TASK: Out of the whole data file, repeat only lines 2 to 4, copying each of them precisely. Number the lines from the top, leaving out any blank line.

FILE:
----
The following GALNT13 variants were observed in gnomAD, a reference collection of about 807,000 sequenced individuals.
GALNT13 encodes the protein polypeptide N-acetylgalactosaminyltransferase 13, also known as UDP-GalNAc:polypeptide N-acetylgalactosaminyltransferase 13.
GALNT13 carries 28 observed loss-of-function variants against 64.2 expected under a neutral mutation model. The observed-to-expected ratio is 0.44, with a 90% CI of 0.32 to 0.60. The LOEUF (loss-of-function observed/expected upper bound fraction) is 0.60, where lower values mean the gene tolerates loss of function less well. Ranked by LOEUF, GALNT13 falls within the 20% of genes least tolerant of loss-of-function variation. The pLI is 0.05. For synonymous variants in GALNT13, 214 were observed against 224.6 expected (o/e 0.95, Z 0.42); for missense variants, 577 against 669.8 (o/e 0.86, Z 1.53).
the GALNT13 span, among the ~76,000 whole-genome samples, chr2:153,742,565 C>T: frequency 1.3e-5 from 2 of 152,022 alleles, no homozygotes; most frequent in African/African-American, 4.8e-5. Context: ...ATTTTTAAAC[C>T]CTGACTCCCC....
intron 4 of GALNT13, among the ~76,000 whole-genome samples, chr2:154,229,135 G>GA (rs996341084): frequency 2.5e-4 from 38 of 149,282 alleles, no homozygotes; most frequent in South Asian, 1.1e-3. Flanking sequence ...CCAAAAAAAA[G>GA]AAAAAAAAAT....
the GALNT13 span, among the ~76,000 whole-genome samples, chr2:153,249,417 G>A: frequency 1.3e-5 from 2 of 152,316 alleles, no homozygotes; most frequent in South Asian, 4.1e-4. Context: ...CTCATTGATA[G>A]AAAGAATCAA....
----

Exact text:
GALNT13 encodes the protein polypeptide N-acetylgalactosaminyltransferase 13, also known as UDP-GalNAc:polypeptide N-acetylgalactosaminyltransferase 13.
GALNT13 carries 28 observed loss-of-function variants against 64.2 expected under a neutral mutation model. The observed-to-expected ratio is 0.44, with a 90% CI of 0.32 to 0.60. The LOEUF (loss-of-function observed/expected upper bound fraction) is 0.60, where lower values mean the gene tolerates loss of function less well. Ranked by LOEUF, GALNT13 falls within the 20% of genes least tolerant of loss-of-function variation. The pLI is 0.05. For synonymous variants in GALNT13, 214 were observed against 224.6 expected (o/e 0.95, Z 0.42); for missense variants, 577 against 669.8 (o/e 0.86, Z 1.53).
the GALNT13 span, among the ~76,000 whole-genome samples, chr2:153,742,565 C>T: frequency 1.3e-5 from 2 of 152,022 alleles, no homozygotes; most frequent in African/African-American, 4.8e-5. Context: ...ATTTTTAAAC[C>T]CTGACTCCCC....